The importance of cultural relations is also increasingly recognized at the supranational level. In 2016, the European Commission and the High Representative published a joint communication on international cultural relations to determine how the European Union could cooperate with other countries in this area, including Ukraine. Three priorities have been identified: in some cases, greater cultural diversity in the workplace makes companies stronger, more innovative and more flexible. But in other cases, cultural diversity in the workplace can lead to a divided and unproductive workforce. The key is to understand which types of cultural diversity are most useful or detrimental to business performance. What is the right balance between cultural agreement and diversity in corporate culture? And what is the impact on the real evolution of business for companies? How should leaders think of the two types of cultural diversity studied in this study? One simple example is one way to identify the difference between composite cultural diversity and content diversity. As another example, imagine a company with three departments and three cultural themes that they all focus on, not just one company — profits, customer satisfaction and technological progress. Imagine that all three of these cultural themes are shared in the same way by each department. This time, the members of the product department are taking care of the technical progress, but are also attentive to the needs of customers and the profits of the company. And they can focus on one of these cultural priorities in different situations. In this case, the corporate culture is also diverse, but it is not shared – employees share different cultural perspectives that can make them more flexible and innovative. On the other hand, a company that has too much cultural homogeneity may end up with a rigid culture that lacks diversity of ideas.
Lack of cultural diversity in the workplace can undermine creativity and innovation, make it more difficult for companies to access new business opportunities and a company`s ability to attract and retain talent from different backgrounds. The study examined two types of cultural diversity in the workplace. First, the diversity of “composition.” Employees then disagree on what the corporate culture is. The second type is “content-based” diversity. Second, corporate culture consists of a wide range of diverse themes. In this hypothetical undertaking, the culture of each department is sometimes at odds with other departments. If no department is willing to compromise, the operational effectiveness of this company may be affected by this type of cultural disagreement. Thus, a diverse but divided corporate culture can hurt performance. But we are also using the UK`s expertise to address the educational, social and cultural consequences of the conflict in eastern Ukraine. We have trained all student associations in the displaced universities of Donbass and Crimea, created English after-school clubs in 20 schools in the Donetsk and Luhansk regions, and worked with municipalities and local governments in the same regions to transform young people into active citizens engaged through training and social action. We expect our work in these areas to intensify in the years to come. The study is entitled “Duality in Diversity: Cultural Heterogenity, Language, and Firm Performance.” It uses data from Glassdoor employee evaluations to categorize the cultural agreement or disagreements of companies that end up in the Standard and Poor`s 500 index, and tracks how cultural diversity in the workplace is linked to real innovation and business performance.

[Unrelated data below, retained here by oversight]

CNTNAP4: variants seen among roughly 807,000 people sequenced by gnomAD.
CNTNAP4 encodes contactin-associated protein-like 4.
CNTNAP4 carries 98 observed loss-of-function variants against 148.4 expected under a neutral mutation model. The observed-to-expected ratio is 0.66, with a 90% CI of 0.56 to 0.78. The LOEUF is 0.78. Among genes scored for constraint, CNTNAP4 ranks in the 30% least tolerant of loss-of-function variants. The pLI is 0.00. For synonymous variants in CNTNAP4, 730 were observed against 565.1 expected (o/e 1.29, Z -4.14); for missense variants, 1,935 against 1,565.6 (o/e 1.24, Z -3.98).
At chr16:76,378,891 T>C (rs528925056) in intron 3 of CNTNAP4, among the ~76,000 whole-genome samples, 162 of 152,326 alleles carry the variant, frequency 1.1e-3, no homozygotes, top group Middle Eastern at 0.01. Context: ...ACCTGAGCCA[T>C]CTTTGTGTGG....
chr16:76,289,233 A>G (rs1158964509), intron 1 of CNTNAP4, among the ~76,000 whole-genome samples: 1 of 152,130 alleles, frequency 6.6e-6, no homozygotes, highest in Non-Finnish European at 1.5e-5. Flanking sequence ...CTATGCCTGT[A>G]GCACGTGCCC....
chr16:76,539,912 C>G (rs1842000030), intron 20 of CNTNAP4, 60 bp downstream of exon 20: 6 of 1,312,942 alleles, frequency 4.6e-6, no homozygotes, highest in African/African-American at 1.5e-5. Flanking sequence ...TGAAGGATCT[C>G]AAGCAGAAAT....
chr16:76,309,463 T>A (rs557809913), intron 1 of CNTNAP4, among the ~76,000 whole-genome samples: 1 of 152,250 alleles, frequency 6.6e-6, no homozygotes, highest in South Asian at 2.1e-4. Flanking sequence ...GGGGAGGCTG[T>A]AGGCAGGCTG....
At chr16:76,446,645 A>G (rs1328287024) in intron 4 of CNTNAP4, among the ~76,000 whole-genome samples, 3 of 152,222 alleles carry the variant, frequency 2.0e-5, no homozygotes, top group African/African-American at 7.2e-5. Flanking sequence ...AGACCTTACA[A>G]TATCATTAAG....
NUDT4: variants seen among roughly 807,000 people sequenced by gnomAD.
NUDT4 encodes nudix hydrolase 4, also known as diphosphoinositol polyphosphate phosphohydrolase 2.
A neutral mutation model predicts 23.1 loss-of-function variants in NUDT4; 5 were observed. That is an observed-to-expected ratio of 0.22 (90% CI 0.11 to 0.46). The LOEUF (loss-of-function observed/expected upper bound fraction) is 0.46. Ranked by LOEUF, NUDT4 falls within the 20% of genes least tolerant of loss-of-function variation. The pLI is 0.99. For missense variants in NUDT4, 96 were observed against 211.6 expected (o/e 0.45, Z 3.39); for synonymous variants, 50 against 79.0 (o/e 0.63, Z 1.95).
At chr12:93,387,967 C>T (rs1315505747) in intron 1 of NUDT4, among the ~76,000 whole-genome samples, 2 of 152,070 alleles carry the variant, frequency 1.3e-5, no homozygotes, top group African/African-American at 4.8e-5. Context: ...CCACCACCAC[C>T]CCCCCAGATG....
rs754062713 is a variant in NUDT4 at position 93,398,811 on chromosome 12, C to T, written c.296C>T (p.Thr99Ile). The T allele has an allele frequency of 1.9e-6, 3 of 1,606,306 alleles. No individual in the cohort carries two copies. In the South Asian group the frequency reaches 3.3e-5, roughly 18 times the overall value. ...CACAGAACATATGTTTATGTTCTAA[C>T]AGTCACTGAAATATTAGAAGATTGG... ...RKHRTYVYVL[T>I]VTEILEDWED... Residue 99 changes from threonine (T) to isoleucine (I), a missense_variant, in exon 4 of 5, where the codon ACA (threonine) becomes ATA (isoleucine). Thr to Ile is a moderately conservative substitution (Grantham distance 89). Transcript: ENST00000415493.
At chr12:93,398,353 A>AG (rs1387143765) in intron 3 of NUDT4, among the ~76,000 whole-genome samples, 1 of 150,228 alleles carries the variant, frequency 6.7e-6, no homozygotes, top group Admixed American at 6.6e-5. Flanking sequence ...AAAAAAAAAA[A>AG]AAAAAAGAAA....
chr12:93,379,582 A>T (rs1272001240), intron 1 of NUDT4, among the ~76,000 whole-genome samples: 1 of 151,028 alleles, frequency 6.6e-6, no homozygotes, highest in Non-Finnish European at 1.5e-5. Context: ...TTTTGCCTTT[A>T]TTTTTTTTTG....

Here at the British Council, for example, since the Dignity Revolution, our objectives have been to support the European decision and Ukraine`s ambitions for an international partnership, while making the UK a partner of choice for Ukraine in reforming its education system and reviving its cultural sector.